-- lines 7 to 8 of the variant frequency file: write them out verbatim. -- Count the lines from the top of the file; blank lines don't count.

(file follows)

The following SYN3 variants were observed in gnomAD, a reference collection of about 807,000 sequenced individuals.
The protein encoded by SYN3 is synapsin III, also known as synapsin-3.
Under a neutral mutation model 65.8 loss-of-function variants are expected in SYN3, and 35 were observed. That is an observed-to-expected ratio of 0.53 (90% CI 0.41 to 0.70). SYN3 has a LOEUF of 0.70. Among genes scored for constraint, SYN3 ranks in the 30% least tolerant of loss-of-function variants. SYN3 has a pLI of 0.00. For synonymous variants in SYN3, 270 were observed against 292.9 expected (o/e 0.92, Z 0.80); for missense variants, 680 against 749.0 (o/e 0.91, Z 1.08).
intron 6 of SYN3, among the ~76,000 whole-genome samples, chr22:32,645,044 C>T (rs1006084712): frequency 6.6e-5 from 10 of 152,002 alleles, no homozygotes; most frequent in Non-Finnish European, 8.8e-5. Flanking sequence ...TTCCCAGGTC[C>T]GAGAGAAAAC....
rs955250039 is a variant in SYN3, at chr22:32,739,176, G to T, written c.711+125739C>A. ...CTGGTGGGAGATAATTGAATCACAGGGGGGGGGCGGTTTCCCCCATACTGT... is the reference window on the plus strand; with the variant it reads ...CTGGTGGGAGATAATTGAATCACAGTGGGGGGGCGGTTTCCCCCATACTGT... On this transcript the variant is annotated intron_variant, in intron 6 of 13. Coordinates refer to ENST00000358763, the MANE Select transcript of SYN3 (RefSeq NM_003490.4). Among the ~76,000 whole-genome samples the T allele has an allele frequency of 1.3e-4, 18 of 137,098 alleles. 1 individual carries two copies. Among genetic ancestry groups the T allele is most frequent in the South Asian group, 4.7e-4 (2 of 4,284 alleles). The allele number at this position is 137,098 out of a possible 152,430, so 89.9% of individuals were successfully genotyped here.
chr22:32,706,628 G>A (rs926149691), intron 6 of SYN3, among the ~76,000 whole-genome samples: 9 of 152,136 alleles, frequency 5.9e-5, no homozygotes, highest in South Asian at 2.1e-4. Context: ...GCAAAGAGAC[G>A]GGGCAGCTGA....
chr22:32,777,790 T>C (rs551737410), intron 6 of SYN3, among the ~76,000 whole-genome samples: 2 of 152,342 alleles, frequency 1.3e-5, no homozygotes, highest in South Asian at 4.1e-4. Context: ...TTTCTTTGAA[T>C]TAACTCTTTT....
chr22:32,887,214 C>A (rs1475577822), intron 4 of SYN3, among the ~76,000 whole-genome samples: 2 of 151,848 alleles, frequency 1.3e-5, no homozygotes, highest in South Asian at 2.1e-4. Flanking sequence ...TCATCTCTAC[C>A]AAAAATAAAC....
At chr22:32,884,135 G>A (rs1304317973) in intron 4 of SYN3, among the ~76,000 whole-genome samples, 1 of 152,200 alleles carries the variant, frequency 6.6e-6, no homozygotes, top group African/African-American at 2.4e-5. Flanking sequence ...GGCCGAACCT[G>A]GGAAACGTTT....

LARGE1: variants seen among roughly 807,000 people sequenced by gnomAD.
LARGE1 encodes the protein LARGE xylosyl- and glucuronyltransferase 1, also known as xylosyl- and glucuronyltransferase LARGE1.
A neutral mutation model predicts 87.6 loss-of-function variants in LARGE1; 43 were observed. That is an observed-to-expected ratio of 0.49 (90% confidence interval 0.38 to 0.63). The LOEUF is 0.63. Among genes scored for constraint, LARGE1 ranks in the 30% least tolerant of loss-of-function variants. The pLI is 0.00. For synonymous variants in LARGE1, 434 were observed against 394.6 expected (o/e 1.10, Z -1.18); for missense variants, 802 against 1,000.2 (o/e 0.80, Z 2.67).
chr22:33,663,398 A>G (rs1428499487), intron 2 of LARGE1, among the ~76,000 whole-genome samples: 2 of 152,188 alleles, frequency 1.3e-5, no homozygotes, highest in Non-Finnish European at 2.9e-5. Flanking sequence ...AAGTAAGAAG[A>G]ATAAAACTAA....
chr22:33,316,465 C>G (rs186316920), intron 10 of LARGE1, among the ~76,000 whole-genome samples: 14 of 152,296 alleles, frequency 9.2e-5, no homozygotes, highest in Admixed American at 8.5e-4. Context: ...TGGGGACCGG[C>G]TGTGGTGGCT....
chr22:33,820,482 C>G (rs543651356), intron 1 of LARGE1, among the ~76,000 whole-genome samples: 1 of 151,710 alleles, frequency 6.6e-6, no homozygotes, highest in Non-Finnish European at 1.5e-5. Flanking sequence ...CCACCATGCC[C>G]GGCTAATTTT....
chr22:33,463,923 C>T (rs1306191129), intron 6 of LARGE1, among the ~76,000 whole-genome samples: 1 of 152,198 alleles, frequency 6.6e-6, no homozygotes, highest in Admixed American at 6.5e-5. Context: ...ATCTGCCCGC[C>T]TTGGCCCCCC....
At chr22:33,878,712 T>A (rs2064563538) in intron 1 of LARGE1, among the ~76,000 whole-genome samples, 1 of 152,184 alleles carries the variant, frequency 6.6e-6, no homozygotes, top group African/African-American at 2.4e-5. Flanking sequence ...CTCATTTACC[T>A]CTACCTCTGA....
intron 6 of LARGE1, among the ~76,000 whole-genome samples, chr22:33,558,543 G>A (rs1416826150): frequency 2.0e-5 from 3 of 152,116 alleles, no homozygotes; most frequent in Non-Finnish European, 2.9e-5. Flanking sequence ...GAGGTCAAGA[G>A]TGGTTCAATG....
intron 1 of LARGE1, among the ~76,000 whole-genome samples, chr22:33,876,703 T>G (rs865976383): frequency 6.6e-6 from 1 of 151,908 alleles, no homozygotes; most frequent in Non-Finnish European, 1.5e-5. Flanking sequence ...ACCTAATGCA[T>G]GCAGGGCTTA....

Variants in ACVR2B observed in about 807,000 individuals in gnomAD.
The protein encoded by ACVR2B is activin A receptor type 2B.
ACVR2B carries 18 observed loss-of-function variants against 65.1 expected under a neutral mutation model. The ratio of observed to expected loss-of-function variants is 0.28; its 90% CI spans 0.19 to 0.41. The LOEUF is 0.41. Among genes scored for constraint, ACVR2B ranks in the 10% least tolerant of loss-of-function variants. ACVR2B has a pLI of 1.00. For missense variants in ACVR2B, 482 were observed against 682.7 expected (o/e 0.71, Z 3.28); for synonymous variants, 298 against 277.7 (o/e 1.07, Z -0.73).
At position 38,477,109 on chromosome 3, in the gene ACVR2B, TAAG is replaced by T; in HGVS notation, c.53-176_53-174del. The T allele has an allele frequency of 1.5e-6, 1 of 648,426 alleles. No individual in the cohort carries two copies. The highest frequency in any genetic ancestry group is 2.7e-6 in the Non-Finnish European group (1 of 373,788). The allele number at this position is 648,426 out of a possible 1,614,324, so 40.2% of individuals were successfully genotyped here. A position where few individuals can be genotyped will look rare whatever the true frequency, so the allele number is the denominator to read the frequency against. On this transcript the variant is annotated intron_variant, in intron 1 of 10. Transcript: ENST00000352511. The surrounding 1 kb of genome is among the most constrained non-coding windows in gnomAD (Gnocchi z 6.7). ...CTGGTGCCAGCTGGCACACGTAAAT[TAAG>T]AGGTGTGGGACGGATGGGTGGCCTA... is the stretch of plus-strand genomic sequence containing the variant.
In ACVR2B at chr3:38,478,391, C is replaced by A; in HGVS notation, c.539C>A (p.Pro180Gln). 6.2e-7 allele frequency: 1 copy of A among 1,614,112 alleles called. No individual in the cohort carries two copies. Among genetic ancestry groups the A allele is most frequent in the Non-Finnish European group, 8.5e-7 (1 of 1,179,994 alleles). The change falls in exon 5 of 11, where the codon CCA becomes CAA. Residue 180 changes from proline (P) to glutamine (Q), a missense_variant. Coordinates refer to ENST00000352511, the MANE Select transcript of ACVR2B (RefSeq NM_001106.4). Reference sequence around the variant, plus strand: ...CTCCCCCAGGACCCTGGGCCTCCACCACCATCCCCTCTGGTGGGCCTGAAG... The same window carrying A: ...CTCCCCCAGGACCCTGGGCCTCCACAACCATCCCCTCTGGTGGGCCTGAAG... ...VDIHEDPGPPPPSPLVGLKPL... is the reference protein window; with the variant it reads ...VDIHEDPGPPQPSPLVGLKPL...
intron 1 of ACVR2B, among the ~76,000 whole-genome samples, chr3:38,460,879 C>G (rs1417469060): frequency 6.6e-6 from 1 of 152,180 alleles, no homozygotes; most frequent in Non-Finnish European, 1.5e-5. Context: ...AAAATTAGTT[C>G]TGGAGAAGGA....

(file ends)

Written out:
chr22:32,777,790 T>C (rs551737410), intron 6 of SYN3, among the ~76,000 whole-genome samples: 2 of 152,342 alleles, frequency 1.3e-5, no homozygotes, highest in South Asian at 4.1e-4. Context: ...TTTCTTTGAA[T>C]TAACTCTTTT....
chr22:32,887,214 C>A (rs1475577822), intron 4 of SYN3, among the ~76,000 whole-genome samples: 2 of 151,848 alleles, frequency 1.3e-5, no homozygotes, highest in South Asian at 2.1e-4. Flanking sequence ...TCATCTCTAC[C>A]AAAAATAAAC....